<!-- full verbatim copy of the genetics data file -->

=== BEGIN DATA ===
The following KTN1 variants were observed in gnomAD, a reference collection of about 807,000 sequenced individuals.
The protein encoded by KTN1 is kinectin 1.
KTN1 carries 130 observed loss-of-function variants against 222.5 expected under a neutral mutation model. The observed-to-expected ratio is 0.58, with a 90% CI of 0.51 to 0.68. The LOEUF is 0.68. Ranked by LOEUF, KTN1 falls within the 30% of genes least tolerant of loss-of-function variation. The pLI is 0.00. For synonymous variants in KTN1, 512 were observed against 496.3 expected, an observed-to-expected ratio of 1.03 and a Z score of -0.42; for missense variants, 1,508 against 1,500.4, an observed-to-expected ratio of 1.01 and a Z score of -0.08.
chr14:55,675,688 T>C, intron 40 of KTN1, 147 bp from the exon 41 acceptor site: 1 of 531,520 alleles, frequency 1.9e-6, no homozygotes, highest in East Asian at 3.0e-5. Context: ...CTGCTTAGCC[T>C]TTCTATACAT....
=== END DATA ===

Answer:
The following KTN1 variants were observed in gnomAD, a reference collection of about 807,000 sequenced individuals.
The protein encoded by KTN1 is kinectin 1.
KTN1 carries 130 observed loss-of-function variants against 222.5 expected under a neutral mutation model. The observed-to-expected ratio is 0.58, with a 90% CI of 0.51 to 0.68. The LOEUF is 0.68. Ranked by LOEUF, KTN1 falls within the 30% of genes least tolerant of loss-of-function variation. The pLI is 0.00. For synonymous variants in KTN1, 512 were observed against 496.3 expected, an observed-to-expected ratio of 1.03 and a Z score of -0.42; for missense variants, 1,508 against 1,500.4, an observed-to-expected ratio of 1.01 and a Z score of -0.08.
chr14:55,675,688 T>C, intron 40 of KTN1, 147 bp from the exon 41 acceptor site: 1 of 531,520 alleles, frequency 1.9e-6, no homozygotes, highest in East Asian at 3.0e-5. Context: ...CTGCTTAGCC[T>C]TTCTATACAT....